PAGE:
The IMO's so-called GHG initial strategy, adopted in April 2018, envisages for the first time, a reduction in total GHG emissions from global shipping by at least 50% by 2050 compared to 2008.
Building on an existing proposal backed by the ICS and IMO Member States, Greece’s submission supplements the strengthened Ship Energy Efficiency Management Plan (super SEEMP) in a way that ensures the accomplishment of the IMO 2030 Target, which envisages a 40% cut in CO2 emissions by 2030.
This is because it guarantees, through the provision of one mandatory requirement for every ship of a particular sector, that there would be no intentional or unintentional circumventions of set technical requirements, which might otherwise be possible, for example, when providing various goal-based options.
The proposed measure prescribes the limit of the main engine power that ships over 5,000 GT can use under normal circumstances to maintain the level of CO2 emissions from ships at a historical low (2012) over a three-year phase-in period, commencing before 2023.
The sectoral prescriptive approach it takes prescribes that bulk carriers and tankers reduce their main engine power by 50% and container ships by 66%.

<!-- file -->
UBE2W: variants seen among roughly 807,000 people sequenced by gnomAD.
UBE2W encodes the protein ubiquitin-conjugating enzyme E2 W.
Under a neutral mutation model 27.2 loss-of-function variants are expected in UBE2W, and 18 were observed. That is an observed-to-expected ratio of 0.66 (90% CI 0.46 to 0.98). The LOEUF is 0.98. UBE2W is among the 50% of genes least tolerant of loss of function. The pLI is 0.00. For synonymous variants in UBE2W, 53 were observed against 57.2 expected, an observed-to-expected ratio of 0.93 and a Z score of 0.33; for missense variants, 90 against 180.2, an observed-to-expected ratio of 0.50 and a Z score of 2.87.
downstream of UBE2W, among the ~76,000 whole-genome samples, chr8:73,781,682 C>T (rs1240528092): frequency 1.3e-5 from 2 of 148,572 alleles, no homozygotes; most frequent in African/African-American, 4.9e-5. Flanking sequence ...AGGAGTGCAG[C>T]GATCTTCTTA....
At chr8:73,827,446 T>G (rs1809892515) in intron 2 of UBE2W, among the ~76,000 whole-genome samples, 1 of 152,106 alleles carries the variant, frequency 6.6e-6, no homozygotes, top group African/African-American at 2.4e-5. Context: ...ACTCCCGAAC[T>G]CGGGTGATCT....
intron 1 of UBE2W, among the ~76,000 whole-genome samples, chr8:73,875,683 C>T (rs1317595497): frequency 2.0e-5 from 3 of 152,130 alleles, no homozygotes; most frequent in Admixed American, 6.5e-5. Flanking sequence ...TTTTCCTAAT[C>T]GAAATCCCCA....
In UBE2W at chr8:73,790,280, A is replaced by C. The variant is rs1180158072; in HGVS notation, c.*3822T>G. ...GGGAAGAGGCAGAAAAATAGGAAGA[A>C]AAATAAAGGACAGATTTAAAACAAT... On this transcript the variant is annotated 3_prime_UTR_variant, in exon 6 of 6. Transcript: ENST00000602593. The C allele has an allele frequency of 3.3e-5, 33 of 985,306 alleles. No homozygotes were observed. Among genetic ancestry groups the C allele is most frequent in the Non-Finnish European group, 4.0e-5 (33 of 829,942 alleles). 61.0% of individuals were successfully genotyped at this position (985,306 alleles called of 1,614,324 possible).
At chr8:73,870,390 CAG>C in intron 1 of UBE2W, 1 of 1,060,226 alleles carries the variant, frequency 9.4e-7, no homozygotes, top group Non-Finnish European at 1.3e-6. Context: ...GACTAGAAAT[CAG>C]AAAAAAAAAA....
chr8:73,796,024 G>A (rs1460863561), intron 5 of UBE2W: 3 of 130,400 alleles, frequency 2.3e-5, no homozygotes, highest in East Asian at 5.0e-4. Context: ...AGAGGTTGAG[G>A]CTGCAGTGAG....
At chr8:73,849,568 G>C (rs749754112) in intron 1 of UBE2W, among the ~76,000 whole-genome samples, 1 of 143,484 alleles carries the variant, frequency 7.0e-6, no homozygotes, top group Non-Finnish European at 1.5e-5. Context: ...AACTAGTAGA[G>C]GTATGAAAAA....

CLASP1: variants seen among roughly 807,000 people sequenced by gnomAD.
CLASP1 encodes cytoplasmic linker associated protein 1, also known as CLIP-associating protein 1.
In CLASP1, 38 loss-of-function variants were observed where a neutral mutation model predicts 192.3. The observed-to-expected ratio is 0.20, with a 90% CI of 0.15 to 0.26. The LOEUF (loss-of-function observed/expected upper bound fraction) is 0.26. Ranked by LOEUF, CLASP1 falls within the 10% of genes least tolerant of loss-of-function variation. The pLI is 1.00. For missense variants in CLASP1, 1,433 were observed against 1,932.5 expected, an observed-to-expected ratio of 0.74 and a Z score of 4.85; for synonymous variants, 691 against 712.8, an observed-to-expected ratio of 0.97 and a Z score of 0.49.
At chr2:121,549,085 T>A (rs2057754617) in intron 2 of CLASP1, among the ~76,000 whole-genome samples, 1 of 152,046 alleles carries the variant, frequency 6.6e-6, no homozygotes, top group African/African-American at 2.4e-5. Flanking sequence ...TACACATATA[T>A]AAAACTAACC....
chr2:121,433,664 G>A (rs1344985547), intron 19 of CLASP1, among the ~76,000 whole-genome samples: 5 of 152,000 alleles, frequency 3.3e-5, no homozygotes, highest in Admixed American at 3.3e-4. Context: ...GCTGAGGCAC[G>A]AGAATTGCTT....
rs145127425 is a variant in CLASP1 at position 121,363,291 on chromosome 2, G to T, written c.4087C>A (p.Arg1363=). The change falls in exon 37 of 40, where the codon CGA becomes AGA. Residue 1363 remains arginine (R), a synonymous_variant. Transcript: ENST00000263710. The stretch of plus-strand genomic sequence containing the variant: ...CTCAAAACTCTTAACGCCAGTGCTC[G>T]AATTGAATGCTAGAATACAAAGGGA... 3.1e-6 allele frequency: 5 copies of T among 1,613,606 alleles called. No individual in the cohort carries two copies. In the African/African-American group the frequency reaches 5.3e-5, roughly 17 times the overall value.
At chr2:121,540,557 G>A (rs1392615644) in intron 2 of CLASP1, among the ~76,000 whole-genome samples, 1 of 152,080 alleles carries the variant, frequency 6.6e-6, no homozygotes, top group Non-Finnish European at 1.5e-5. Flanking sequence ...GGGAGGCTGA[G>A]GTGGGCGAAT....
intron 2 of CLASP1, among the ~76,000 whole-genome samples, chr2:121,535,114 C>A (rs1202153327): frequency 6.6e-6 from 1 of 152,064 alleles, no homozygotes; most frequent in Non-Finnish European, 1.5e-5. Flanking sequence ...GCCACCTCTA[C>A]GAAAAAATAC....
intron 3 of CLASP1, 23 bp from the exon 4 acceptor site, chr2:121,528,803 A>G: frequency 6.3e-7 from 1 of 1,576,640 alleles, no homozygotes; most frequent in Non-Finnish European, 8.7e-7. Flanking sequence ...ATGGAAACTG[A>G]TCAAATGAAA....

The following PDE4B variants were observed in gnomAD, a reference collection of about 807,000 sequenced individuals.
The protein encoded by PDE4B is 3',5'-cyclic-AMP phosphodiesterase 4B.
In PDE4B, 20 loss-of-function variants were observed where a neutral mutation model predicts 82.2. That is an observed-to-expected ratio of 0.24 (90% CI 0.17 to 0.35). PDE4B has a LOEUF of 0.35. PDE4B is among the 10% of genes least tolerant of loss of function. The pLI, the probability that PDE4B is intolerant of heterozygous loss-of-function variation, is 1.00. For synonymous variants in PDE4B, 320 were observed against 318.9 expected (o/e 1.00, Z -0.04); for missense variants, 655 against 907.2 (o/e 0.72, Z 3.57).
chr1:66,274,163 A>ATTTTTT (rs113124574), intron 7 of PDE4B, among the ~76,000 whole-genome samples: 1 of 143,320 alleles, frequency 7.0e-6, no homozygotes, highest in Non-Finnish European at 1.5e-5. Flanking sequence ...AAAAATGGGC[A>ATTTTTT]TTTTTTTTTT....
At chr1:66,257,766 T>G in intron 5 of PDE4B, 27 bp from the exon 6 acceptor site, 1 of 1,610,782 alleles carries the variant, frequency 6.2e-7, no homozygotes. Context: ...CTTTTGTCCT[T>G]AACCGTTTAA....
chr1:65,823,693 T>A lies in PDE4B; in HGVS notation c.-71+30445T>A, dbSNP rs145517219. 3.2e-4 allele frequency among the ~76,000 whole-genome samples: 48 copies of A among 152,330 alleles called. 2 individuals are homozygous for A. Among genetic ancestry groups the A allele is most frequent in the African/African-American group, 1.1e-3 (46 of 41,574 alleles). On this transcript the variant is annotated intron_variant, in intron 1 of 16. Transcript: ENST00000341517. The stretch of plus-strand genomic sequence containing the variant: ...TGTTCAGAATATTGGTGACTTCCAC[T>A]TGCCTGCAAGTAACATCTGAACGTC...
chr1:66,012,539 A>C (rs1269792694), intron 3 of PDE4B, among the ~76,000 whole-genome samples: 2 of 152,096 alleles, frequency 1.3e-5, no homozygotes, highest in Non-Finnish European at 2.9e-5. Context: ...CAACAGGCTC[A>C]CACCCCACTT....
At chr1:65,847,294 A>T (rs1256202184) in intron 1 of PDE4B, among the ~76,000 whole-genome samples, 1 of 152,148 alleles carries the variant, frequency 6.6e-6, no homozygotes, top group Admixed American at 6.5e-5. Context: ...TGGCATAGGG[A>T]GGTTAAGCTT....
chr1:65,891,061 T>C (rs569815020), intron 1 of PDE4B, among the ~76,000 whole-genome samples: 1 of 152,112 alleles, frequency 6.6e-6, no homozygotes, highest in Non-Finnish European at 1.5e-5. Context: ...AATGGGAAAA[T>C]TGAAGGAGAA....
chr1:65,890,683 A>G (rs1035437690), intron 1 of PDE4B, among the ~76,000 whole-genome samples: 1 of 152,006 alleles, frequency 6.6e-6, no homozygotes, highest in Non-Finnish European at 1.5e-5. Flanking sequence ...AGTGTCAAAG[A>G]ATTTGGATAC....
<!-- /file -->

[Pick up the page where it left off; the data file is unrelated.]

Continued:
Greece’s proposal is simple, transparent, easily enforceable and accommodates sectoral specificities without distorting competition, which is a paramount consideration. Moreover, it allows for early action and beginning of implementation prior to 2023, leads to direct absolute GHG emissions reductions, to SOx, NOx and underwater noise reductions, while it also factors in safety and allows for medium to long-term innovation, rewarding more efficient ships. Above all, it lays the foundation for the shipping industry to truly decarbonize by engineering the behavioral change required by all commercial operators of vessels to shift to zero-carbon technologi
es or alternative fuels when these become broadly available,
...the President of the UGS, Mr. Theodore Veniamis underlined.
As informed, the measure includes a review clause to allow for rectifying action by the IMO, if necessary.
Meanwhile, the proposal is primarily compatible with the modus operandi of bulk/tramp shipping, where charterers play a determining role in the ship’s operation and this is why the shipowners’ commitment alone to a ship’s operational efficiency through goal-based measures, KPIs etc may not be enough to effect a change in the ship’s carbon footprint.
Charterers should clearly be obliged to adhere to any measure adopted to reduce GHG emissions from ships,
...Mr. Veniamis concluded.